Recording my thoughts on this book five years after its initial publication feels very much like I’m preaching to the converted. If you’re reading this, I’m assuming you’re already a fan of Philip Reeve’s wonderful writing and are looking to see if I concur with your opinions.
I read the Mortal Engines series when they first came out and then went onto the Fever Crumb trilogy and Larklight but with the number of fantastic children’s authors and their books seeming to increase exponentially over the past few years, failed to read this until now. It appears that that was a big mistake; one which I am delighted to have resolved.
As we dive into the story, we find our protagonist Zen Starling being chased by a drone after stealing a necklace. As he flees, he passes a mysterious girl who knows his name before escaping on a train and passing through a K-gate: a portal to another world. On reaching his destination, he alights and makes his way to Uncle Bugs’s grubby backstreet shop where he sells his loot before returning home. It is here that the strange girl catches back up with him and after climbing out of a window to escape her attentions he makes his way back to the railway station only to be intercepted there by Captain Malik – a Railforce employee whose wartrain pulls in as Zen is arriving.
Malik too knows Zen’s name and asks him about an individual called Raven to whom the girl belongs, being in fact not human but an AI robot. Refusing to believe that Zen knows neither Raven nor the girl, Malik orders a truth serum to be administered only for the girl – who identifies herself to Zen as Nova – to disrupt the train’s systems and rescue him.
Making their way from the scene to a now redundant part of the station, Nova leads Zen to meet Raven whose personal train carries them all to safety. While Zen does not know Raven, Raven seems to know a huge amount about Zen and offers him the opportunity to carry out a daring robbery in return for which he will be rewarded with enough wealth to want for nothing and, more importantly, afford medical treatment for his sick mother. Accepting Raven’s proposal sets in motion a series of events that will change both Zen’s life and the worlds he inhabits forever.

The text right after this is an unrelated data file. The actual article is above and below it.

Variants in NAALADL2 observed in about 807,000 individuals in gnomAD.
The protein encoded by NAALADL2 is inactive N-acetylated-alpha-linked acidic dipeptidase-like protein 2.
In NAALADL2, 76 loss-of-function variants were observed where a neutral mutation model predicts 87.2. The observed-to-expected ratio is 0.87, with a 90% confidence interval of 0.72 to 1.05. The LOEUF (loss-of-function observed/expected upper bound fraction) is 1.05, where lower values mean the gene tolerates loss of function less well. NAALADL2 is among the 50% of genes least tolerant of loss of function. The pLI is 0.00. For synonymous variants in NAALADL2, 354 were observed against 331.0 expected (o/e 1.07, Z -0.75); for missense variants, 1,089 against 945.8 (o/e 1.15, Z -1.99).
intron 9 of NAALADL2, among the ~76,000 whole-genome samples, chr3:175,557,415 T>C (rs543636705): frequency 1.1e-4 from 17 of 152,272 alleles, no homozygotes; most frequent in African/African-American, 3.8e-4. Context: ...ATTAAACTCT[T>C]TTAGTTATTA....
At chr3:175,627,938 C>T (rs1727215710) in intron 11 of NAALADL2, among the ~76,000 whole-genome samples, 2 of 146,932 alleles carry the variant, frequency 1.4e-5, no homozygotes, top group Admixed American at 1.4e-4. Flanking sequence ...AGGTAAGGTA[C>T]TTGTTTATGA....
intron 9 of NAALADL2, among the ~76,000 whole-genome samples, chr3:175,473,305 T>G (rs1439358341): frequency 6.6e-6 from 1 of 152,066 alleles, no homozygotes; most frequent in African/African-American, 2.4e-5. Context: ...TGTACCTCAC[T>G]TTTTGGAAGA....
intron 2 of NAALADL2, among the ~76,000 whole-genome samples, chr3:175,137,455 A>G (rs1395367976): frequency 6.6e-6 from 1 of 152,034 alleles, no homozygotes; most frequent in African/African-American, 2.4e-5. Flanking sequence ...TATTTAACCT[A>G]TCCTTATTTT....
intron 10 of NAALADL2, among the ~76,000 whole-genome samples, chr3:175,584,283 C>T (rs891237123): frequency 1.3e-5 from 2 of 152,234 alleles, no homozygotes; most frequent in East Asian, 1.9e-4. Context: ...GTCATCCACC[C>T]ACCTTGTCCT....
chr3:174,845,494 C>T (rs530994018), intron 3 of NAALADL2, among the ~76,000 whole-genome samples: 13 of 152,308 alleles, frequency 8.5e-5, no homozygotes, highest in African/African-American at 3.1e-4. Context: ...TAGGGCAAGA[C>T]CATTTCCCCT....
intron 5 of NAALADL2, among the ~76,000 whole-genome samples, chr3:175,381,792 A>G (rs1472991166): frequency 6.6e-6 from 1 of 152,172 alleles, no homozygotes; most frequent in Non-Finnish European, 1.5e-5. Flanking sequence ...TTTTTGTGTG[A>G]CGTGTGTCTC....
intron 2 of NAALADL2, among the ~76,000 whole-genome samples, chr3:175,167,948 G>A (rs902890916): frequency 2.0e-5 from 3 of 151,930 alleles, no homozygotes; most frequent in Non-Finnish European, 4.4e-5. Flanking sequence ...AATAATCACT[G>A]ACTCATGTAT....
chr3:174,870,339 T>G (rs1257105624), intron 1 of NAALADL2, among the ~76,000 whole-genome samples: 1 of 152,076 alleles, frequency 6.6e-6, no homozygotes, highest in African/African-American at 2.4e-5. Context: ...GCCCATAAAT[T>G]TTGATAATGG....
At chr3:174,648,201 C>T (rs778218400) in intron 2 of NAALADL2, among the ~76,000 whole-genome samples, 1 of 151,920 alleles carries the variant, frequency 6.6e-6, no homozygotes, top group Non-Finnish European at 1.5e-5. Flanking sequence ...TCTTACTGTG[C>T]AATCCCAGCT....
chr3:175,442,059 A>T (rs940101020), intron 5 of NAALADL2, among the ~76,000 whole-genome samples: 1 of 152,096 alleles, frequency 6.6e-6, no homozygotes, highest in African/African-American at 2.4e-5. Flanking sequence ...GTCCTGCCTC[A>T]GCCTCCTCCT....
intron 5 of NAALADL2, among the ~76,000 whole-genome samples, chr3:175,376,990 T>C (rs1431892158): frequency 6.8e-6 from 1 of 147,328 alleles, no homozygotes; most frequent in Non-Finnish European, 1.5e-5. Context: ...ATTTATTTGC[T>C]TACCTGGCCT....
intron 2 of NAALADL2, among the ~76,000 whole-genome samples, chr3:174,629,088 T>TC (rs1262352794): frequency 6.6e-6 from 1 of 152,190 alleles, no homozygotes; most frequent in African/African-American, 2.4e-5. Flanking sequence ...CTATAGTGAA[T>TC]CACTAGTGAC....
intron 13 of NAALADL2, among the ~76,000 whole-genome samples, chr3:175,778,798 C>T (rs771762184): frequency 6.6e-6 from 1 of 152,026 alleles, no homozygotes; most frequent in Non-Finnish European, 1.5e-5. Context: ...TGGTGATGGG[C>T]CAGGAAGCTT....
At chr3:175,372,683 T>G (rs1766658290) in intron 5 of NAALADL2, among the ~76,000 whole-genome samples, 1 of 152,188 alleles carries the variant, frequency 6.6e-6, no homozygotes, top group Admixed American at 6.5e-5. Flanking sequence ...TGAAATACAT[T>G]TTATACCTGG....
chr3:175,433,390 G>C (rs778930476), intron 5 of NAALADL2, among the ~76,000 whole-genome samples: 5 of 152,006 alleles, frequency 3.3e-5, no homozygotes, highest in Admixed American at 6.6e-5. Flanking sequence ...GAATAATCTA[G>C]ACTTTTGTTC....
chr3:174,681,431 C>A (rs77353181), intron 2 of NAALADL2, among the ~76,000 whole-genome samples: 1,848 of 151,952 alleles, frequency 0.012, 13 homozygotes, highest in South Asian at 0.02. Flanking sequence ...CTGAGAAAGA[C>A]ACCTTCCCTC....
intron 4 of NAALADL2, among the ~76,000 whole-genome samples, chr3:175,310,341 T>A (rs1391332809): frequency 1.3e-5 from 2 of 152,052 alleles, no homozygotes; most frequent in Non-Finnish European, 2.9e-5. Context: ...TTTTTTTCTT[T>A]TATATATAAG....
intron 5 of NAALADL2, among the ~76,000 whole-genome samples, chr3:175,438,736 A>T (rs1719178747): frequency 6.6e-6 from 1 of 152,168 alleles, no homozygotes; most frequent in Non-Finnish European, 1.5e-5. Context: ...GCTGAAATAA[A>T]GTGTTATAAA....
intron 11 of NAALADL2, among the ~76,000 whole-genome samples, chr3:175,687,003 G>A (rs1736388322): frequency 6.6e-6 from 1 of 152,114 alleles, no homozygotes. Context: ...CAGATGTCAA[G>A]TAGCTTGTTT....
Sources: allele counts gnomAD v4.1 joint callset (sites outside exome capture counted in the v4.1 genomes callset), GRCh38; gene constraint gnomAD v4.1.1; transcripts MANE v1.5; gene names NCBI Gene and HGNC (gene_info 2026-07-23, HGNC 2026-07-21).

To me, what sets the author’s work above others is the balance between the complexity of the worlds he creates and the mundane, recognisable day-to-day existence with which we are all familiar. In creating the fantastical details that he does, he makes them credible so that sentient trains, gender-fluid androids and insects who can organise themselves into colonies which mimic human behaviours seem perfectly normal. Alongside all of the futuristic technology there are also some very human power struggles reminiscent of those which seem to regularly crop up in human history, reminding me of the Claudius books by Robert Graves. Several of the characters within the story are also crafted in such a way that one minute you are convinced they have one agenda and the next another, leaving you guessing about how the book will conclude right up until the final chapter and unable to put the book down because you have to know what happens.
I often find myself emotionally involved with characters – I think it’s human nature to root for the ‘good guys’ – but as the relationship between Zen and Nova deepened I found myself hoping that she would become more than just his guide and supervisor on their mission to carry out the theft on Raven’s behalf. I don’t want to include any spoilers here but I think it’s fair to say that there were several points in the book where my frustrations at Philip Reeve’s plot’s twists and turns had me thinking, ‘How could you?!’
It goes without saying that I absolutely loved this book and I am very much looking forward to reading Black Light Express, the second in the trilogy. I will be adding this to my little library in class – I think there are one or two of my Year 5s who would enjoy this now and to whom I would recommend it once they return in Year 6. 5 out of 5 stars.